Another important question is the role of vaccination in MS. In general, vaccinations do not seem to cause MS attacks. Because the vaccinations do not usually cause MS attacks, but the flu can cause an MS attack about 1 in 10 times, most neurologists recommend that MS patients receive the influenza vaccine. It is ...
The influenza virus, better known as the flu, has been proven over and over to have the potential to cause serious disease in pregnancy. That includes an increased risk that when pregnant women “catch” the flu, they may require admission to the intensive care unit, require a ventilator and, less commonly, even death. It’s serious. Babies of women who are infected with the flu during pregnancy are more likely to be born prematurely and are at increased risk for stillbirth.
We recommend the flu vaccine at any point in pregnancy and offer the single dose, preservative free vaccine in our office to all pregnant women (with the exception of those who have a medical reason not to get it.) A common misconception is that the vaccine causes the flu - it does not. Another misconception is that it is not safe for the developing baby to be exposed to the vaccine itself or the immune response it generates. There is no evidence to support this fear in almost 50 years of administrating this vaccine and close follow up of those receiving it.
We recommend the flu shot, which is an inactivated virus. The Flumist is a live attenuated virus that is not recommended in pregnancy.
Your family members should also receive the vaccine as they can pass the flu on to a newborn who has not yet gotten the vaccine. Babies can suffer severe complications if they are infected with the virus before they can receive the vaccine.
The other vaccine we recommend during pregnancy is the Tdap booster. The benefit of the pertussis booster outweighs any perceived risk. Pertussis, or the whooping cough, is at epidemic levels especially on the west coast including Washington State. That may be ...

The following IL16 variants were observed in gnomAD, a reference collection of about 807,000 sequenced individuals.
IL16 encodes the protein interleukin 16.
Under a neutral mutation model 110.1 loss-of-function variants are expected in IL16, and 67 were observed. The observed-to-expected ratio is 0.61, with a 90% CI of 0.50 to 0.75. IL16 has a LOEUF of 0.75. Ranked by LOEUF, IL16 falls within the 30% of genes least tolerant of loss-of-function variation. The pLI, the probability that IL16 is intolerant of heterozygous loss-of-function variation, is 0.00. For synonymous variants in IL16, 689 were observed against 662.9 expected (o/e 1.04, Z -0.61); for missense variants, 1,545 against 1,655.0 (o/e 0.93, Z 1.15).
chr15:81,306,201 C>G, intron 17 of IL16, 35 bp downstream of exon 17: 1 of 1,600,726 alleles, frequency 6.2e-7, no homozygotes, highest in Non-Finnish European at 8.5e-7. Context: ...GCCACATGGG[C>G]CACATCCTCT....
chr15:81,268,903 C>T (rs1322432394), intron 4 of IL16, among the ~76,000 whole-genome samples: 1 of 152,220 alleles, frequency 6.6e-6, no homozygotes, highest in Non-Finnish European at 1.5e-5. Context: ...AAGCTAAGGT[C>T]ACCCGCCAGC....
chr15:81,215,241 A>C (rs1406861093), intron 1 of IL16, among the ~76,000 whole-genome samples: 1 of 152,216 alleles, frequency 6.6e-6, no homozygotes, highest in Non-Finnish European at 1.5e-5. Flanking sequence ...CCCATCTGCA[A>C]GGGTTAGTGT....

Below are answers to a few common questions that I often receive from my patients:
What if I am taking birth control?
Depending on the type you use, you may want to stop birth control a few months in advance of planned conception. Birth control suppresses ovulation and impacts fertility. The good news is the affects of birth control do not last long. For example, we recommend that women finish a pack of birth control pills, have their next menstrual cycle and then go through one additional full cycle before attempting to conceive. During this time, it is important to use a barrier method of contraception (condoms) if you plan to engage in sexual intercourse.
An IUD (Intrauterine Device) can thin the lining of the uterus. I recommend that patients with an IUD ....
Odds are that if you live in or around Seattle, either you or your children were born at a Swedish hospital. And after last year, those odds are even greater after our nurses and doctors delivered a record 9,014 babies in 2013.
Last year included a record number of births at Swedish/Issaquah (1,149) and Swedish/Ballard (1,022).
We attribute last year’s growth to our excellent reputation in the community as well as our outstanding ability to provide our patients with a safe, convenient and comfortable birthing experience. Last year we expanded our range of offerings for families when we opened our new Lytle Center for Pregnancy & Newborns and our Level II nursery at Swedish/Issaquah.